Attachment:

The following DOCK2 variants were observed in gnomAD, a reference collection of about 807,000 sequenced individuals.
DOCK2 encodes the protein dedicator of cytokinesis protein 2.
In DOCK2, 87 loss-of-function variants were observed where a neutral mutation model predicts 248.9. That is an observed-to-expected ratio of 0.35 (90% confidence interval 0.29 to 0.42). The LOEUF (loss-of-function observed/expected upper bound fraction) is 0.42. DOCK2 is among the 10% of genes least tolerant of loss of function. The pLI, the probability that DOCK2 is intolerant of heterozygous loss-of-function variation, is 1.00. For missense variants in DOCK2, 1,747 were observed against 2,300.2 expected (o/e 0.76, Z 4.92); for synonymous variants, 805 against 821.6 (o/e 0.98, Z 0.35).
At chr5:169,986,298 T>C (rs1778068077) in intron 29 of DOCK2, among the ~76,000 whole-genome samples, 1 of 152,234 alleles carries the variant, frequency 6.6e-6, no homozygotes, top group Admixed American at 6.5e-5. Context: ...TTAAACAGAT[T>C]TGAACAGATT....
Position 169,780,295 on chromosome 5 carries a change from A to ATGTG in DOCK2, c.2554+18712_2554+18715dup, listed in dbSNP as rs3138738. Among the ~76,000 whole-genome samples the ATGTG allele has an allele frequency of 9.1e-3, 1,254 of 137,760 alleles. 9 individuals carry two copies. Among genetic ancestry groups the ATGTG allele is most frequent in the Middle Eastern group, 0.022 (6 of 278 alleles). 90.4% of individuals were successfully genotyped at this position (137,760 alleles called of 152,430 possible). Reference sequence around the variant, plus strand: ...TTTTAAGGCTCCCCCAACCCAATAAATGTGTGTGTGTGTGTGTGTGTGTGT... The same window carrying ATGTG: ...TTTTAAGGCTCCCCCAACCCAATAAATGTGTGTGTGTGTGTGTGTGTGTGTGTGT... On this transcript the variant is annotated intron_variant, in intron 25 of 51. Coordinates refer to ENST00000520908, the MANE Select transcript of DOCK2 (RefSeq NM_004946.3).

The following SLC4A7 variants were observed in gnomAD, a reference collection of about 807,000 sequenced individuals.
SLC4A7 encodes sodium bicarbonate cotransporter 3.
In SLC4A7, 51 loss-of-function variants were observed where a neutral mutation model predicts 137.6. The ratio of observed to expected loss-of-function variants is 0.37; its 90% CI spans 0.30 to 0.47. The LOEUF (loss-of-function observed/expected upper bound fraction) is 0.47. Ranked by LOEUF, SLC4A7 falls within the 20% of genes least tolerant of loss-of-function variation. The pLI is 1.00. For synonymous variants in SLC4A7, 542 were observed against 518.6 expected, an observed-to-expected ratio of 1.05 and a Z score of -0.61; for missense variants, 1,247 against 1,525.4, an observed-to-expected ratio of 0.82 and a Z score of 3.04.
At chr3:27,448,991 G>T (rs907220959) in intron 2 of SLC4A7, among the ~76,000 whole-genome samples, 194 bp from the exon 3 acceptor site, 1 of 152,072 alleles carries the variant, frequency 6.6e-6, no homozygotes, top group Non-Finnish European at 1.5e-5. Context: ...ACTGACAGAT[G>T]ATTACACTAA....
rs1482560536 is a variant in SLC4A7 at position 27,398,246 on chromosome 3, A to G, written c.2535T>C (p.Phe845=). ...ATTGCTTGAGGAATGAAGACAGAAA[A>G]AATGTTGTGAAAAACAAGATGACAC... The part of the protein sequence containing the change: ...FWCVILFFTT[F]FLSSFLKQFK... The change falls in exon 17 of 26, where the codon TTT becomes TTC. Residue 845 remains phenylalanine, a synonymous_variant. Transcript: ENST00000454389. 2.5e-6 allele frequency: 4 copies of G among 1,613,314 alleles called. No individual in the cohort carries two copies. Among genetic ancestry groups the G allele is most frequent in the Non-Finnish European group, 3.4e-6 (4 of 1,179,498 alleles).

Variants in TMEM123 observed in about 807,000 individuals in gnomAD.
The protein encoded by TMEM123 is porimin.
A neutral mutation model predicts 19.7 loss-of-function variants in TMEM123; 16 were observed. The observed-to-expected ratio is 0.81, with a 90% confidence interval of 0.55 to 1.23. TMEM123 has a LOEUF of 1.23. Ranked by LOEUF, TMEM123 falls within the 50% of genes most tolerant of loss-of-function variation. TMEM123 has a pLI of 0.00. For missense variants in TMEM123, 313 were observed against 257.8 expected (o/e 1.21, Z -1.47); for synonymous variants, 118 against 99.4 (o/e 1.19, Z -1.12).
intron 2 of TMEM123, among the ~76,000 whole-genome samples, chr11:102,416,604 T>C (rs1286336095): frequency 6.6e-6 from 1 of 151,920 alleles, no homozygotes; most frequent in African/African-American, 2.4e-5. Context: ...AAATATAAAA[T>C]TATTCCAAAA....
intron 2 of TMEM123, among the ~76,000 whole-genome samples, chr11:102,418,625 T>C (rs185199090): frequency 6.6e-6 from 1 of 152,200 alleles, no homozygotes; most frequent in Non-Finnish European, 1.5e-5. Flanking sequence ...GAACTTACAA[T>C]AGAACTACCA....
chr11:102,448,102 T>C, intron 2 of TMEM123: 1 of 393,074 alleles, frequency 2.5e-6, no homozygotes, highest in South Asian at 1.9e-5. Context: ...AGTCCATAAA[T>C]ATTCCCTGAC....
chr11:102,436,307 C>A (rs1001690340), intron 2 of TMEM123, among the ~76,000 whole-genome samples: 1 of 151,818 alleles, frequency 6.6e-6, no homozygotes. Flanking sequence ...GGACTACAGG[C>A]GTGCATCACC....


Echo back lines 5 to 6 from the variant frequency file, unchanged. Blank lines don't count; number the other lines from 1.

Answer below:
Position 169,780,295 on chromosome 5 carries a change from A to ATGTG in DOCK2, c.2554+18712_2554+18715dup, listed in dbSNP as rs3138738. Among the ~76,000 whole-genome samples the ATGTG allele has an allele frequency of 9.1e-3, 1,254 of 137,760 alleles. 9 individuals carry two copies. Among genetic ancestry groups the ATGTG allele is most frequent in the Middle Eastern group, 0.022 (6 of 278 alleles). 90.4% of individuals were successfully genotyped at this position (137,760 alleles called of 152,430 possible). Reference sequence around the variant, plus strand: ...TTTTAAGGCTCCCCCAACCCAATAAATGTGTGTGTGTGTGTGTGTGTGTGT... The same window carrying ATGTG: ...TTTTAAGGCTCCCCCAACCCAATAAATGTGTGTGTGTGTGTGTGTGTGTGTGTGT... On this transcript the variant is annotated intron_variant, in intron 25 of 51. Coordinates refer to ENST00000520908, the MANE Select transcript of DOCK2 (RefSeq NM_004946.3).

The following SLC4A7 variants were observed in gnomAD, a reference collection of about 807,000 sequenced individuals.